I feel like last night’s trip to the ER was a good allegory/analogy for this whole last week of being sick.
Some background: Maggie got sick Friday night with fever and crying. Everybody else got it shortly after. The girls hit a low point about Tuesday and we took them to the Dr. We hit a high point and felt a little better. The doctor prescribed antibiotics for Anna, because her lungs were wet and she had a mild ear infection. Anna improved quickly. By Saturday, I had been in some pretty severe sinus pain for days and Maggie still had a fever. We went in to the doctor again on Saturday (Pediatrician for Maggie, Urgent care for me). We both got antibiotics prescribed. Monday, I was feeling mucho better – hooray!!! – and Maggie still had a fever that ranged from 100-103.5 under the arm. The advice nurse said that we ought to go in, even though the office was closed… that meant the emergency room or urgent care. Last night we went to the ER.
We got there at before 4:30pm sometime and got a leg band for Maggie. I was happy to be doing something instead of worrying at home that we ought to have gone in. She was still drinking lots of milk, so I wasn’t too worried about her despite the fever. I knew we were in for a wait, but hoped it wouldn’t be too bad. Now, on to divine appointments. We were in the waiting room until we left untreated at 7:45 pm with a feverish, half-sleeping baby and a wound up (cute) little girl. I saw three waves of patients come in, wait and be seen. Now, I don’t usually feel a sense of being in God’s will. But this whole sickness and even last night’s seemingly wasted trip to the ER felt very divinely arranged. Maybe it was everybody praying for us. Maybe God has specifically used this sickness to do good things with us.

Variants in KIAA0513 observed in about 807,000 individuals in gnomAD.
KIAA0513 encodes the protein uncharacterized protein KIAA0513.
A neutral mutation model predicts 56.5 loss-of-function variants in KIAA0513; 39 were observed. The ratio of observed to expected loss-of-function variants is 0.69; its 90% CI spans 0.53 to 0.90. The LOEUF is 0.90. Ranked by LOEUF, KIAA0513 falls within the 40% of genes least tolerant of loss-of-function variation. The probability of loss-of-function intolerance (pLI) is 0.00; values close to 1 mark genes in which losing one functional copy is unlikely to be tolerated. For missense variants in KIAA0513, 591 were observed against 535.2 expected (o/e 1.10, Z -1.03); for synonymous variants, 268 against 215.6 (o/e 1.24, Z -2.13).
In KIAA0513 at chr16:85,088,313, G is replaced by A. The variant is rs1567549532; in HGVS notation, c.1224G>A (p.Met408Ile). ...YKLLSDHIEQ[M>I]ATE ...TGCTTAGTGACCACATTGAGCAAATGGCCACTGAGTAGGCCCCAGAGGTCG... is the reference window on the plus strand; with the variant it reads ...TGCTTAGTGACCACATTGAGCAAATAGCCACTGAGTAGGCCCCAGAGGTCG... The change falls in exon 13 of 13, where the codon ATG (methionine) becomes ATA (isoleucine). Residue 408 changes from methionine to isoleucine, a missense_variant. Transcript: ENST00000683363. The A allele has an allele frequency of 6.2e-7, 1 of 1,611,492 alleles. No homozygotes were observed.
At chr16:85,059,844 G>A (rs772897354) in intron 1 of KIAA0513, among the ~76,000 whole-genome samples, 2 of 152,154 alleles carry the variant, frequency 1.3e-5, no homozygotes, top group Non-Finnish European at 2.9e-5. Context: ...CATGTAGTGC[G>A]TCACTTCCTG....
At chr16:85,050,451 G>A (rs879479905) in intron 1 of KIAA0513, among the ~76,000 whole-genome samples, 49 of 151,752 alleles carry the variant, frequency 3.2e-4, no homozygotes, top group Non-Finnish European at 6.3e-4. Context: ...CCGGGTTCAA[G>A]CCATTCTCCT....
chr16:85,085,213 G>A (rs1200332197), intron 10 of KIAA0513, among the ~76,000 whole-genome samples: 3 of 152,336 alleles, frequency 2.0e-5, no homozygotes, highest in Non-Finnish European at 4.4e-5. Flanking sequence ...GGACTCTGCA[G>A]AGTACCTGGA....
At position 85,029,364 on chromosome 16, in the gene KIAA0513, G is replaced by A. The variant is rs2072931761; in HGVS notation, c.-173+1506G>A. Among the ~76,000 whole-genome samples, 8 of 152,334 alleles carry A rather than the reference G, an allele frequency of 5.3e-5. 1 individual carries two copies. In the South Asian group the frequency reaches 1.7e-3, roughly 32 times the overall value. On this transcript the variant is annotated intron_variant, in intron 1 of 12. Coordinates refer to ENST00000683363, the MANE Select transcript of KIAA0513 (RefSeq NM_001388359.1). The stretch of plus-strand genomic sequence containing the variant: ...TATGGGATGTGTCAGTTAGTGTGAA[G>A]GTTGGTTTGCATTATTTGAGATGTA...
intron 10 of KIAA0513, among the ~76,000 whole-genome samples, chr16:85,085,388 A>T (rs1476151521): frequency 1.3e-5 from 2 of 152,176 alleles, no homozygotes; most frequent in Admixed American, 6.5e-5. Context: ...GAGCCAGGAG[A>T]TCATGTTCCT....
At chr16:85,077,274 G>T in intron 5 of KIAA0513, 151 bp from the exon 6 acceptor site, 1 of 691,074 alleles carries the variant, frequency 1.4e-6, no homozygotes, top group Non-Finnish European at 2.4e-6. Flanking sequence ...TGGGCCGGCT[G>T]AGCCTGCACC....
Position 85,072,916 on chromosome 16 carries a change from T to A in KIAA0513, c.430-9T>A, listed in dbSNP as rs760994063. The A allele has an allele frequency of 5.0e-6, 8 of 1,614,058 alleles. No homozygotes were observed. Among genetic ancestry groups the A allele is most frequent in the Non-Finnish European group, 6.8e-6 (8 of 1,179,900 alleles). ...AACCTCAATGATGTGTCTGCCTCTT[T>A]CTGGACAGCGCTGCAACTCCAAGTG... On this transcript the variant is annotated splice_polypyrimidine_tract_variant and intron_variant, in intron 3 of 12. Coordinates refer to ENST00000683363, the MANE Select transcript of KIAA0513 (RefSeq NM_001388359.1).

I felt prompted to talk with other waiting patients as we all sat in mutual misery of one sort or another. I had an adorable, flushed, naked except for her diaper baby leaning warmly and limply on my chest as I walked around, so I definitely was not intimidating. I met so many people, some needing to talk, some wanting to talk and some not interested in talking. An older lady was in for broken ribs. A lady talked about her kids and grandkids (and a teenage granddaughter who wouldn’t clean her room). An older man and wife (he was in for a fall) got many smiles from watching Anna dance and play. The lady’s purse was shiny pink with brass spots and hardware all over it. Anna took a picture of it (and many other things) with the cell phone camera and made us all smile. A mom was in for being sick with three of her kids, ages 2-10? She was kind and not very talkative, but it was nice to be a mom near another mom. I felt for her as she had to wait so long while feeling dizzy with her three kids to keep together.